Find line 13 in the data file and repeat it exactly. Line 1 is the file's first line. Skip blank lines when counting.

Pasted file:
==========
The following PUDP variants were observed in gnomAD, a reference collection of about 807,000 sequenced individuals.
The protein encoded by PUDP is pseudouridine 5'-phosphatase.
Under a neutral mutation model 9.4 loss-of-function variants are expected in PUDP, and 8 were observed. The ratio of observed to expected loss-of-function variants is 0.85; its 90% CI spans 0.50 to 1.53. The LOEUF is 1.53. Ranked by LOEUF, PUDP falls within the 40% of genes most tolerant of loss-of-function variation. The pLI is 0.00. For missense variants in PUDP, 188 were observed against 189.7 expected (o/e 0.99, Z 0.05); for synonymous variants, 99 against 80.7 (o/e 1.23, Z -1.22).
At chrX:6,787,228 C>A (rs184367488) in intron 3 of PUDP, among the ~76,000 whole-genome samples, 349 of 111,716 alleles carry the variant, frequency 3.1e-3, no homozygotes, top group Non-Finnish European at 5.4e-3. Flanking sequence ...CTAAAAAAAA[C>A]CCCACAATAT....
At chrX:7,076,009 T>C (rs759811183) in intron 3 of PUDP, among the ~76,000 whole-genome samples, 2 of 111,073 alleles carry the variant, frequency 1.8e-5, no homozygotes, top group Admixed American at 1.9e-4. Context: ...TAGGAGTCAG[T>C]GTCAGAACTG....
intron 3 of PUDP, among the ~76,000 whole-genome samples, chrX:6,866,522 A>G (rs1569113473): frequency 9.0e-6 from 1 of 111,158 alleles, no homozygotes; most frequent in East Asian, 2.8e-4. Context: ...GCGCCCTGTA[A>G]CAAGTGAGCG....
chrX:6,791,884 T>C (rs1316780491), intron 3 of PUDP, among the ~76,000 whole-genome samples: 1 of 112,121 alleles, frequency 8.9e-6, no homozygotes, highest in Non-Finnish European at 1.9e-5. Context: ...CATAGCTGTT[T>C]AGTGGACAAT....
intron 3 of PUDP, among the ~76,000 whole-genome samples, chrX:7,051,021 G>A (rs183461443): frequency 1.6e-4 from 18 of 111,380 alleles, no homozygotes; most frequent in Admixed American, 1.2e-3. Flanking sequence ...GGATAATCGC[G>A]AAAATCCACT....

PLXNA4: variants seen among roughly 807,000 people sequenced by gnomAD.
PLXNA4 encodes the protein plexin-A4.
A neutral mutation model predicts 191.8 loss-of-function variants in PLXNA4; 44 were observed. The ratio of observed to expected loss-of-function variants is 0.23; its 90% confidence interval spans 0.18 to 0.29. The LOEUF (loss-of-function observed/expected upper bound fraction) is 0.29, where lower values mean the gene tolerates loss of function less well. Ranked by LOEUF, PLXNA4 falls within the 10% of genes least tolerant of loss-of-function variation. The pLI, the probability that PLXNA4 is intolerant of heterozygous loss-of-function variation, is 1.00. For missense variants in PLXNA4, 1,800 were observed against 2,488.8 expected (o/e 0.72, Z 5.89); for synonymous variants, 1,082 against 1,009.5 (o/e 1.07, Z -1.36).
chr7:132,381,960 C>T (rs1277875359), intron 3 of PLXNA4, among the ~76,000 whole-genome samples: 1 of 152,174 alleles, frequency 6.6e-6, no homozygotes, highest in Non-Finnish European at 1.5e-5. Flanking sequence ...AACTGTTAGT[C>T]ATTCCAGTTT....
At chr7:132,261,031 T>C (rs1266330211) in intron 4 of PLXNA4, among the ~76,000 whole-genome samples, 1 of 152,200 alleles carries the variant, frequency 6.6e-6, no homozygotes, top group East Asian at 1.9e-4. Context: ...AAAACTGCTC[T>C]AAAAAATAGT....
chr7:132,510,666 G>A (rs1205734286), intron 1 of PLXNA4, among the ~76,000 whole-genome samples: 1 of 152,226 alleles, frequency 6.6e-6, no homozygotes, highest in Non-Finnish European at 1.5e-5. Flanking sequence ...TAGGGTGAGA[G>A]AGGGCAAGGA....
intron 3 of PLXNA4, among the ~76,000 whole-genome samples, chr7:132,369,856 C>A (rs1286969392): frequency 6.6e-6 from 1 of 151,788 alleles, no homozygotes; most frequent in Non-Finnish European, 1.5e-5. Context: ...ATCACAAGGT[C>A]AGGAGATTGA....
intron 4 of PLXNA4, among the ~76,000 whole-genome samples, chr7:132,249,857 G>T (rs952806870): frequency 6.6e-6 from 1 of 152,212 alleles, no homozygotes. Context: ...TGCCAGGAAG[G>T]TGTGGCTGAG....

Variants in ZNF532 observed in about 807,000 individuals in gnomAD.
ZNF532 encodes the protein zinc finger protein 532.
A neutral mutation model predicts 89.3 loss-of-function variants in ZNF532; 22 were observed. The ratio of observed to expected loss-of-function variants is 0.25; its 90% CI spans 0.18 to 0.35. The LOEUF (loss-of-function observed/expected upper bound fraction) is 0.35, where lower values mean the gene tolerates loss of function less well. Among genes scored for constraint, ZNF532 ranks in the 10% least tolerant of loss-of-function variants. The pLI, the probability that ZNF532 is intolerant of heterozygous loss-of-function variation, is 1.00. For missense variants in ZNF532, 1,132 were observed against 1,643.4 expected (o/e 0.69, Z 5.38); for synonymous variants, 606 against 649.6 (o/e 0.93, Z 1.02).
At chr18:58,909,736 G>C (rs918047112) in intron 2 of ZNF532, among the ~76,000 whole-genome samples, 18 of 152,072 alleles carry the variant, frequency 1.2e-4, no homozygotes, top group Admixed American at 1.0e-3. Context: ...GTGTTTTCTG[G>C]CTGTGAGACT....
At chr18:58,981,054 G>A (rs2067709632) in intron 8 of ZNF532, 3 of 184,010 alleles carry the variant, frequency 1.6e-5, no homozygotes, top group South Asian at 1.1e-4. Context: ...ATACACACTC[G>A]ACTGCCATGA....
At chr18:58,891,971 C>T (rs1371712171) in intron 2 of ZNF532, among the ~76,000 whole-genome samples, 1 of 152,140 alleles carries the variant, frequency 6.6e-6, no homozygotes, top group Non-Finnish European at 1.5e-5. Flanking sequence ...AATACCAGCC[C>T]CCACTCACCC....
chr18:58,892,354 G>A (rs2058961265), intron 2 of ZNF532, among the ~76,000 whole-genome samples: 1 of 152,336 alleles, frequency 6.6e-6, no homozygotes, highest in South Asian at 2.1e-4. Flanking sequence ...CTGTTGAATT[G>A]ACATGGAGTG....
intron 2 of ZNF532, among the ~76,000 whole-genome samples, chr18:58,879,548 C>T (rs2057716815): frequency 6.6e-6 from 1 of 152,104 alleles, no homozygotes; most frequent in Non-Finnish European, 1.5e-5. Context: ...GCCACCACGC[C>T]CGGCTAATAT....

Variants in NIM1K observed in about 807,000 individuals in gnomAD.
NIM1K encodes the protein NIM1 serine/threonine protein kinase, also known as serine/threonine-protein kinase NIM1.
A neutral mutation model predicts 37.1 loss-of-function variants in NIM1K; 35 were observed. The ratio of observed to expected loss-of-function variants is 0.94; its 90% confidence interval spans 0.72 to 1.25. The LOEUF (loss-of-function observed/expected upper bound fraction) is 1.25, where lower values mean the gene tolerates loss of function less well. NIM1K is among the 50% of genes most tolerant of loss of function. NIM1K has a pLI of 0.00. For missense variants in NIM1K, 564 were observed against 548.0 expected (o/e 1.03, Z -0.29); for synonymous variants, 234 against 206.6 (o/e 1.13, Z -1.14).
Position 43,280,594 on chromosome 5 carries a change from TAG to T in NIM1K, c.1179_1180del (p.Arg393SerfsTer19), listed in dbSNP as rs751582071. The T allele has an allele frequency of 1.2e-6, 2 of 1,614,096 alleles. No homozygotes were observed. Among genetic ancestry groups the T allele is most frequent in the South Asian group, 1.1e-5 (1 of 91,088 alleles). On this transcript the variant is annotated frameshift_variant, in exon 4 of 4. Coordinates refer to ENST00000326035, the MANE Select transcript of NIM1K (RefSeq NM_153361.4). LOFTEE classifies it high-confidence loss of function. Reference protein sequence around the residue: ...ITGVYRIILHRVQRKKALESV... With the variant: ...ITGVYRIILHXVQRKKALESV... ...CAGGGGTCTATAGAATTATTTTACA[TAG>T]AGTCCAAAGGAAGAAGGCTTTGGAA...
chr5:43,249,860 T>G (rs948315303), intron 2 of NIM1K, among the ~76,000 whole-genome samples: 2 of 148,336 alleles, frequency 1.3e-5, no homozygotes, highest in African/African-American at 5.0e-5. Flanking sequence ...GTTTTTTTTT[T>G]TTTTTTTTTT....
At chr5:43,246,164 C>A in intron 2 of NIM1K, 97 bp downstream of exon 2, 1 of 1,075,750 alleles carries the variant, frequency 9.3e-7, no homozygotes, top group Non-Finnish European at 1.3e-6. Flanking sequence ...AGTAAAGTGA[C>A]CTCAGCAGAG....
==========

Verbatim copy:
At chr7:132,261,031 T>C (rs1266330211) in intron 4 of PLXNA4, among the ~76,000 whole-genome samples, 1 of 152,200 alleles carries the variant, frequency 6.6e-6, no homozygotes, top group East Asian at 1.9e-4. Context: ...AAAACTGCTC[T>C]AAAAAATAGT....